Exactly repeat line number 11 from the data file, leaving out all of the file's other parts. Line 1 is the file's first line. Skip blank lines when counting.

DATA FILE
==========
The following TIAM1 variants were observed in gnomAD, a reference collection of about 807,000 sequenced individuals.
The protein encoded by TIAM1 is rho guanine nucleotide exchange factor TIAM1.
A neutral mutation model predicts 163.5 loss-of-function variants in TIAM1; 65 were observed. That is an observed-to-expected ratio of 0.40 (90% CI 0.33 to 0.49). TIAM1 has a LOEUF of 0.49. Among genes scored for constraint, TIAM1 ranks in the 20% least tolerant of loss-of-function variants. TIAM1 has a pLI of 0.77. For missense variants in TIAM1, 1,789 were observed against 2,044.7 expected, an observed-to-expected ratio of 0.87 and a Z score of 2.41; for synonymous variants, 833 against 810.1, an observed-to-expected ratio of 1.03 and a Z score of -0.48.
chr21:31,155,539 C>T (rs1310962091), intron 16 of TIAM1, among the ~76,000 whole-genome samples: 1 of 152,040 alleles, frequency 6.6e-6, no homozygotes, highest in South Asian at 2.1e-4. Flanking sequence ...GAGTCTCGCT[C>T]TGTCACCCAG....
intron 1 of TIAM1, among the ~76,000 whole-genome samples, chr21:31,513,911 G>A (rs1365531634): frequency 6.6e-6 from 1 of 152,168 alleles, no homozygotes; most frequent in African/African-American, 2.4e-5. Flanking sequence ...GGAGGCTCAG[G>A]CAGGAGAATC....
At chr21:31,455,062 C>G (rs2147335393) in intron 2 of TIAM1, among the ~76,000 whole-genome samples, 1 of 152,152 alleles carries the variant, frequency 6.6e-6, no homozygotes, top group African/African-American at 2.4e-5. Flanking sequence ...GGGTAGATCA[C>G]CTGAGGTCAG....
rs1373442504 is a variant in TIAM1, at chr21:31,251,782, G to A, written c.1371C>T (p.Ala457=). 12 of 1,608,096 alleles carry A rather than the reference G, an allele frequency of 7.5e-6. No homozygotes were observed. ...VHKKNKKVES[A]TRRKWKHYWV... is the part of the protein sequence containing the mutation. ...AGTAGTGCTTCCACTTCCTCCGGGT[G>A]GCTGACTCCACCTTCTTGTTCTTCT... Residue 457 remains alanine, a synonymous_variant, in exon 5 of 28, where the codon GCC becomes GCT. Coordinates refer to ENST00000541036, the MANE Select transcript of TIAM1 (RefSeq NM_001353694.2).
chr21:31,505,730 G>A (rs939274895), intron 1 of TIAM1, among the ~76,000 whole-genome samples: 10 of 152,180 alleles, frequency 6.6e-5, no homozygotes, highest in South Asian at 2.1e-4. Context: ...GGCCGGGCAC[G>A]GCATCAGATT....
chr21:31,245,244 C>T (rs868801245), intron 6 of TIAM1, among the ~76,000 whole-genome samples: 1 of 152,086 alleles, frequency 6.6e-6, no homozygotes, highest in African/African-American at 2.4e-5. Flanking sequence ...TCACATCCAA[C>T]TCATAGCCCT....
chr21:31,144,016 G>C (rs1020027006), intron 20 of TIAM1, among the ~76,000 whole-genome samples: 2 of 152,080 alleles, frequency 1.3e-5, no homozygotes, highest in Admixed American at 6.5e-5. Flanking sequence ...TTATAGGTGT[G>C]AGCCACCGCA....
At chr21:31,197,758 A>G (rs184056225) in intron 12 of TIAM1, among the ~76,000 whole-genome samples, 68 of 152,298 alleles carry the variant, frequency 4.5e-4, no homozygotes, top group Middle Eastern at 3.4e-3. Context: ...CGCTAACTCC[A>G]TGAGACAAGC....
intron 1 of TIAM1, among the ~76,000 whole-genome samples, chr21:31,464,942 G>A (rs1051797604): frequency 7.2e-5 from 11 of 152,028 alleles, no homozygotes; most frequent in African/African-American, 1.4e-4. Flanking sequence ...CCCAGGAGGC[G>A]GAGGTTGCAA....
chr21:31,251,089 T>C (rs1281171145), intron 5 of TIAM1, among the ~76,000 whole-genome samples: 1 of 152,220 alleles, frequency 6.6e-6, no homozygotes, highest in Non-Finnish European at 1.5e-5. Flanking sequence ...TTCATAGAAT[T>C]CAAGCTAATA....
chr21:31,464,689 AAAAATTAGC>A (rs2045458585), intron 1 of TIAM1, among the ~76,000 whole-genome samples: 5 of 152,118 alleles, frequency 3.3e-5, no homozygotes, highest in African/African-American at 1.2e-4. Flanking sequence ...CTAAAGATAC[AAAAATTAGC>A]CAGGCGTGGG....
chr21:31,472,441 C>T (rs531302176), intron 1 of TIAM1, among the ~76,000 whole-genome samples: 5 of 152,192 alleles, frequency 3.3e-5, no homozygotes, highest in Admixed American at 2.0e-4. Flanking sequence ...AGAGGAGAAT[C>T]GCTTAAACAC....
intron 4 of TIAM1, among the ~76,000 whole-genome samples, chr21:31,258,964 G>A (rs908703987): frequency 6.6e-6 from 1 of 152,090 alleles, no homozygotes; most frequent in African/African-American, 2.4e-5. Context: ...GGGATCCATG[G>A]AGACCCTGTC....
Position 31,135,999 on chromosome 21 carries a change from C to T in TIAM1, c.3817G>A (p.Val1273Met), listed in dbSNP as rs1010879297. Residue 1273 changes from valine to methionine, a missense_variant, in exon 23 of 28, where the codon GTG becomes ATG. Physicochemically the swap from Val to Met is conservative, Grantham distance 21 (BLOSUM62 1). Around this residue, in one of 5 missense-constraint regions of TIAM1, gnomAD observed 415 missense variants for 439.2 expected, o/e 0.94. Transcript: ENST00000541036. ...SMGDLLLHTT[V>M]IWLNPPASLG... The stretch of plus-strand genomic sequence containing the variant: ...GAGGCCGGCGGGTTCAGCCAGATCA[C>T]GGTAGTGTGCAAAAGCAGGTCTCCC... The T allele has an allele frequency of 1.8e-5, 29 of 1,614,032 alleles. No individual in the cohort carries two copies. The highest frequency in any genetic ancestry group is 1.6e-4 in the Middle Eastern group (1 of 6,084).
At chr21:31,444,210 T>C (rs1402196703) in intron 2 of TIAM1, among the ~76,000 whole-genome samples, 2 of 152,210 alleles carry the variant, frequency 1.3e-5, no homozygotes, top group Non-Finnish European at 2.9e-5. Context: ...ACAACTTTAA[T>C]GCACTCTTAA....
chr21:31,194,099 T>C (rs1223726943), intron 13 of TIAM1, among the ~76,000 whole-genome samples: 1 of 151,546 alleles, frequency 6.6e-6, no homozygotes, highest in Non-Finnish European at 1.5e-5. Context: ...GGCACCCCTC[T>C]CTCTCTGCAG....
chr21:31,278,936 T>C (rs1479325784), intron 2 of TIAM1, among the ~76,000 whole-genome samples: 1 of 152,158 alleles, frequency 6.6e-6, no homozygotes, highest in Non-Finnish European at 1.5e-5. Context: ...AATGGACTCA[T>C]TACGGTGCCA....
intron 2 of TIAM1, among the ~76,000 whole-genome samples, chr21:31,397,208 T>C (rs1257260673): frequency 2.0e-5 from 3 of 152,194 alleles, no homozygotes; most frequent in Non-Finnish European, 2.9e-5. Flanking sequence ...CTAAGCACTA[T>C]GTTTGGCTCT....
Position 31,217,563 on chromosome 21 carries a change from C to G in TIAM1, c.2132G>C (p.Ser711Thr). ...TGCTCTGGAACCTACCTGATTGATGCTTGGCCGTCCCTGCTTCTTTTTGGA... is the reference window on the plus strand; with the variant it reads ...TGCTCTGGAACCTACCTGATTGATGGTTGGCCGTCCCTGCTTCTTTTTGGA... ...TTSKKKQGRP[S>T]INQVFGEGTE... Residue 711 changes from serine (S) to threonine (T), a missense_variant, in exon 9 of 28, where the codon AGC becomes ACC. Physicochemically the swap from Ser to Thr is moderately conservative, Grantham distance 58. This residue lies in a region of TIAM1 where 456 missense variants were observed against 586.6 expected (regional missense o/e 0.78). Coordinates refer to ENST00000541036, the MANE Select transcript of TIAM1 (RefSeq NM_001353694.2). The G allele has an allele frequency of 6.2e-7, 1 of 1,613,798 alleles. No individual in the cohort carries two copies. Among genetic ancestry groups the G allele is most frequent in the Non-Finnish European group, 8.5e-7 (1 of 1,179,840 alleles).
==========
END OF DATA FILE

At chr21:31,197,758 A>G (rs184056225) in intron 12 of TIAM1, among the ~76,000 whole-genome samples, 68 of 152,298 alleles carry the variant, frequency 4.5e-4, no homozygotes, top group Middle Eastern at 3.4e-3. Context: ...CGCTAACTCC[A>G]TGAGACAAGC....